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Aide Helped Controversial Russian Meet McCain

Davis, Then a Lobbyist, Has Spurred Debate in Reform-Focused Campaign

Russian billionaire Oleg Deripaska has been suspected of having ties to organized crime.
Russian billionaire Oleg Deripaska has been suspected of having ties to organized crime. (By Dmitry Beliakov -- Bloomberg News)
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Washington Post Staff Writers
Friday, January 25, 2008; Page A01

A top political adviser in Sen. John McCain's presidential campaign helped arrange an introduction in 2006 between McCain and a Russian billionaire whose suspected links to anti-democratic and organized-crime figures are so controversial that the U.S. government revoked his visa.

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Rick Davis, who is now McCain's campaign manager, helped set up the encounter between McCain and Russian aluminum magnate Oleg Deripaska in Switzerland during an international economic conference. At the time, Davis was working for a lobbying firm and seeking to do business with the billionaire.

There is no evidence that McCain did anything for Deripaska after they met at a social gathering over drinks and dinner. Deripaska was grateful for the introduction, writing a thank-you note to Davis and his partner and offering to assist them in a subsequent business deal, according to a copy of the note obtained by The Washington Post.

With a net worth of more than $13 billion, Deripaska is one of the richest men in Russia and a close ally of President Vladimir Putin. McCain has been one of Putin's sharpest U.S. critics, calling for Russia to be kicked out of the Group of Eight industrialized nations because of Putin's anti-democratic activities. The Arizona Republican has also repeatedly complained about the negative impact of Kremlin-linked oligarchs such as Deripaska.

When Deripaska met McCain, Davis was part of Davis Manafort, a lobbying firm that was being paid to provide political advice to pro-Russian and oligarch-funded candidates in Ukraine, according to interviews and news accounts. At the same time, McCain was publicly supporting those candidates' Western-oriented democratic rivals.

The socializing with Deripaska provides a case study in the challenges faced by McCain, a longtime foe of Washington lobbyists who has a well-known lobbyist as his top political aide. Davis, who has been a political adviser to McCain on and off since 1999, was part of a lobbying firm that worked not only for Ukrainian politicians but also for telecommunications firms, a lottery services provider and freight companies.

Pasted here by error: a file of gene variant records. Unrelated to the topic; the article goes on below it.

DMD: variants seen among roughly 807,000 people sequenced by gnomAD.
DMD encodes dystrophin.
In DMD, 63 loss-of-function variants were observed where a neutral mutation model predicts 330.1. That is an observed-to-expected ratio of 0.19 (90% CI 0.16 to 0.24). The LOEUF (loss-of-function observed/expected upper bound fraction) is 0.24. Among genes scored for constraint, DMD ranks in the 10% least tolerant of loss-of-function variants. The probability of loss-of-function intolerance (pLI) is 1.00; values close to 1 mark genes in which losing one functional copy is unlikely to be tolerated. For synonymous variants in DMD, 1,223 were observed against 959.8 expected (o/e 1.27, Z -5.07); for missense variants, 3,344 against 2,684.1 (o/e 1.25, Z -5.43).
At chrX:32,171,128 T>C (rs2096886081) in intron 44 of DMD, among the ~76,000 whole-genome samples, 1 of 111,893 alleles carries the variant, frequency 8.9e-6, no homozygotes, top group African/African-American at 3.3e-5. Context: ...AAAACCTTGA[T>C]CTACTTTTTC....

Mark Salter, a spokesman for McCain, said that meetings with Deripaska took place during official trips abroad by senators and that McCain did nothing improper. "Any contact between Mr. Deripaska and the senator was social and incidental," he added.

Salter said the contact between McCain and Deripaska did not constitute a "private meeting"; both men were part of larger gatherings.

Davis declined to comment, saying by e-mail that his activities regarding Deripaska "all relate to my private business and have nothing to do with Senator John McCain."

Within the campaign, Davis's role has been controversial from the start, as some aides in late 2006 argued to McCain that the Davis firm's work overseas conflicted with the senator's record as a pro-democracy champion and an advocate of reducing the influence of lobbyists in Washington, according to two people familiar with the conversations. The sources spoke on the condition of anonymity because of the sensitivity of internal campaign conversations. The aides questioned whether Davis should be given an important title in the campaign because that would make him more vulnerable to criticism, the sources said.

At first, McCain agreed to give Davis a less conspicuous title, one of the sources said. But then, the source added, "a few days later he [McCain] came back and said he had changed his mind."

Salter strongly disagreed with that recounting. "No one suggested Rick shouldn't be in the campaign or discussed such a thing with the senator," he said in an e-mail.


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